Published By Bureau Reporter
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Canada’s Conservative Party Senator Hon Thanh Hai Ngo during his speech in the Senate Chamber on his Motion on Tibet, which urges the Government of Canada to support the genuine autonomy of Tibet based on the Middle Way Approach.

Dharamshala: Earlier this week Canada’s Conservative Party Senator Hon Thanh Hai Ngo moved a motion in the Senate to raise awareness of the serious and recurring human rights abuses in Tibet and to urge the Government of Canada to take stronger action with China in support of genuine autonomy for Tibet.

Speaking at the Senate debate on Tuesday, Sen Ngo expressed he was “deeply distraught” at how restrictions on fundamental rights and freedoms including freedom of expression, religion, movement, and conscience remain severely curtailed and increasingly repressive in Tibet.

“We, as parliamentarians, cannot stand idle on this issue. The time has come for the Government of Canada to do more,” the Senator said.

“The fundamental rights and freedoms that we have been granted and continue to protect here in Canada, including freedom of expression, religion, movement and conscience, are severely restricted and increasingly repressive in the Tibetan Autonomous Region, TAR, and in greater Tibet. The Tibetan people are subjected to these restrictions at the hands of the Chinese Communist Party and continue to suffer because of this.”

Especially at a time when the Canadian Government is increasingly focused on strengthening its trade and economic ties with China, Sen Ngo stressed that China must remember to voice its concerns about violations of the fundamental rights and freedoms of Tibetans with the Chinese authorities at high-level meetings and in bilateral or multilateral statements.

He recalled the testimony of CTA President Dr Lobsang Sangay at the Standing Senate Committee on Foreign Affairs and International Trade and the Standing Senate Committee on Human Rights joint hearing on 12 June last year.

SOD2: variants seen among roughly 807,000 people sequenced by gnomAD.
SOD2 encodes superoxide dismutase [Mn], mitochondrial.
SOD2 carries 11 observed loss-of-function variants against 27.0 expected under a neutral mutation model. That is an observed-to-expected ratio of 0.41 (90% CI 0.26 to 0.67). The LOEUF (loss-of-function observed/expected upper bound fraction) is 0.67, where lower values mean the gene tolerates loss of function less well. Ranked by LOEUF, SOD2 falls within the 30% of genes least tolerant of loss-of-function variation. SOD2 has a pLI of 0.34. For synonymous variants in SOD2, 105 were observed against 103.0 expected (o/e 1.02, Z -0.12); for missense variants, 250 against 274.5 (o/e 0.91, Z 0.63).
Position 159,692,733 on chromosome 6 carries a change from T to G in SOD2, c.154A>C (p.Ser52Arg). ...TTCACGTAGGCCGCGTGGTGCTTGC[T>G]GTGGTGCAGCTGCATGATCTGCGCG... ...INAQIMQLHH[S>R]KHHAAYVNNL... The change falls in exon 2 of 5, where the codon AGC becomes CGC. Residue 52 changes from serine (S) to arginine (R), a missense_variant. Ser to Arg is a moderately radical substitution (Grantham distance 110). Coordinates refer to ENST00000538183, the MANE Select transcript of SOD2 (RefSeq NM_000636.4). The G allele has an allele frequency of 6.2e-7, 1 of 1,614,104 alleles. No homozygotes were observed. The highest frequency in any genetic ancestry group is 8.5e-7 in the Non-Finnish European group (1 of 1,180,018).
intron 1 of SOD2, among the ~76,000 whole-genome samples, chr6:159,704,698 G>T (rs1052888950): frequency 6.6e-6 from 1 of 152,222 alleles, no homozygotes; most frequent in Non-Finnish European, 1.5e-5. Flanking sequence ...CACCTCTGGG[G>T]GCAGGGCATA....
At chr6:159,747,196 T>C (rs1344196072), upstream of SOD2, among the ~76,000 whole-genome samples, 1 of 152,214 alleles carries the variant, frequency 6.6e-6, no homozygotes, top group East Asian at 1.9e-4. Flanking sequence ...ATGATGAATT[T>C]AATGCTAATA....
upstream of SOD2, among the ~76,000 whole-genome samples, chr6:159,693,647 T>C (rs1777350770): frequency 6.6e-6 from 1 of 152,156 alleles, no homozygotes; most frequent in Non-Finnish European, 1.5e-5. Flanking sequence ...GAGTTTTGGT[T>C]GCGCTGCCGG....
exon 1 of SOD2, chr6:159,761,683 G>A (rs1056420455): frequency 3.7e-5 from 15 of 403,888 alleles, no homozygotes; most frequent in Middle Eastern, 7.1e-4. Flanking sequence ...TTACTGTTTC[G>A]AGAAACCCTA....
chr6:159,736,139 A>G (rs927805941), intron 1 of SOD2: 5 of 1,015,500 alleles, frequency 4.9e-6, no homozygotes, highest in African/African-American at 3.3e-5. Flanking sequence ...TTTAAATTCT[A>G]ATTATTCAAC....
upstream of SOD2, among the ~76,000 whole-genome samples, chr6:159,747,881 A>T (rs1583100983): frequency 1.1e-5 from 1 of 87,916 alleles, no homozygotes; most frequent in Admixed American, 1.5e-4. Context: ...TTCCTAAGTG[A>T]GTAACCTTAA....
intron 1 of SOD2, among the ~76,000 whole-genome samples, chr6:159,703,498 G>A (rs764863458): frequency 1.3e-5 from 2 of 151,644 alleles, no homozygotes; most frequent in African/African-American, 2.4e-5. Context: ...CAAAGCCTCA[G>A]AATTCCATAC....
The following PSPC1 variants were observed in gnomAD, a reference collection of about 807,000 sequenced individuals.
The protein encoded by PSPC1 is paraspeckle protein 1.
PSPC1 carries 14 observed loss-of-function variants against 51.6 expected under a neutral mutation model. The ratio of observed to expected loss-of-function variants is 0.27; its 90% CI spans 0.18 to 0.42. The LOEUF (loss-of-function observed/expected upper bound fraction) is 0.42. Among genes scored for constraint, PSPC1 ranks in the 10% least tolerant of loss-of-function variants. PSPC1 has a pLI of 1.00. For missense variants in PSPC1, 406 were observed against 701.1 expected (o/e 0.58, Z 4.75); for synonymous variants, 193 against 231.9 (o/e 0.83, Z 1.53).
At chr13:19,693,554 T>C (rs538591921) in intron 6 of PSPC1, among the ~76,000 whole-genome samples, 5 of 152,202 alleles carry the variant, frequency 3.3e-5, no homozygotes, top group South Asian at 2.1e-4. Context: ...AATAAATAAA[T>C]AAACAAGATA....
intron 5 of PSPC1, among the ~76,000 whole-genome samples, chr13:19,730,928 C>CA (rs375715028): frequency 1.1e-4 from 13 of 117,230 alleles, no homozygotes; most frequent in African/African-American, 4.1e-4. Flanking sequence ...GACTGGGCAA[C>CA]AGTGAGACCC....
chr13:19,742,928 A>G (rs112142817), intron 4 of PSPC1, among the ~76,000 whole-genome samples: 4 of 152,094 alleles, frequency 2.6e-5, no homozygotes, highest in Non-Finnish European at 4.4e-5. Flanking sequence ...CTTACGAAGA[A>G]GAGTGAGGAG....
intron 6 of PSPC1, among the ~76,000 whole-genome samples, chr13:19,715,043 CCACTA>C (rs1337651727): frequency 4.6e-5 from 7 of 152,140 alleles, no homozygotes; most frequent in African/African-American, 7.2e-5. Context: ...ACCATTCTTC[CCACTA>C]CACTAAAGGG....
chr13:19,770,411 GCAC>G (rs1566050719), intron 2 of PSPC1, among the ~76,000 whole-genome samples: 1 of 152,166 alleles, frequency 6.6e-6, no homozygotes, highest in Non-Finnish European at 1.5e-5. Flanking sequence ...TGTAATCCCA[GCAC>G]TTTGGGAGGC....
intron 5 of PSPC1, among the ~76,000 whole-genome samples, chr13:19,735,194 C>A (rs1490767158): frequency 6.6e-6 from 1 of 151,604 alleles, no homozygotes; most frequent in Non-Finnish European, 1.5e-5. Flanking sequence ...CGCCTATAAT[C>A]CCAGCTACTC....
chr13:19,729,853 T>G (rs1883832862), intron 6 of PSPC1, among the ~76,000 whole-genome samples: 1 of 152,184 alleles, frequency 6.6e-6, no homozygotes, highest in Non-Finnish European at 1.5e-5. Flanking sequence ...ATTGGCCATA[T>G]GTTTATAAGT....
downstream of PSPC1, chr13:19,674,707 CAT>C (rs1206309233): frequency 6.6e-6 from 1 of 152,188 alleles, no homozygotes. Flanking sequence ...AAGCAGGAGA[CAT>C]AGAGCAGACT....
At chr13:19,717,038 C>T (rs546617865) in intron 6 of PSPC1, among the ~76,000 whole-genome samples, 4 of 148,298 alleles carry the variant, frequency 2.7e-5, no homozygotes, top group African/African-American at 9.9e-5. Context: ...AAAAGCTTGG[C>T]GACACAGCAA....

“On June 12, 2018, the Standing Senate Committee on Foreign Affairs and International Trade and the Standing Senate Committee on Human Rights held a special joint meeting with Dr. Lobsang Sangay, the first elected President of the Central Tibetan Administration, also known as the Tibetan government in exile.”

“At that meeting, Mr. Sangay indicated that, by adopting a motion on Tibet, the Government of Canada could actively support the initiation of a dialogue between China and Tibet, without preconditions, in the spirit of the middle way approach proposed by the Dalai Lama. The middle way approach would provide for genuine autonomy for Tibet within the framework of China’s constitution and laws.”

Further quoting President Dr Sangay, Senator continued, “As Dr. Lobsang Sangay affirmed during his testimony, China has implemented highly intrusive surveillance systems within Tibet to restrict travel and track the movement of individuals in an effort to curb any form of dissent. For instance, Tibetans in their daily lives are searched and required to present their identification at numerous check points and are often denied a passport for international travel. Freedom House’s Freedom in the World 2017 report on Tibet not only outlines the restrictions on freedom but gave the Tibetan Autonomous Region the worst possible rating for both political rights and civil liberties — worse than even Syria.”

Attesting to President Dr Sangay’s recommendation that Canada demands reciprocity in access to Tibet for Canadian government representatives and parliamentarians, Senator said this is precisely what Canada should and must do.

Below is the text of the Motion on Tibet moved in the Canadian Senate on 14 May and introduced on 21 March 2019.

That the Senate urge the Government of Canada to actively support the genuine autonomy of Tibet and, consequently, to also call for the People’s Republic of China to:

(a)       renew the Sino-Tibetan dialogue in good faith and based on the Middle Way Approach;

(b)       respect the linguistics rights, freedom of movement, thought, conscience and religion of the people in Tibet;

(c)        free all Tibetan political prisoners, and cease all arbitrary detention of dissidents; and

(d)       grant Canada reciprocal diplomatic access to Tibet without limitations;

That the Senate also urge the Government of Canada to acknowledge the Dalai Lama’s appointment of Gendhun Choekyi Nyima as the official eleventh Panchen Lama; and

That a message be sent to the House of Commons to acquaint it with the foregoing.


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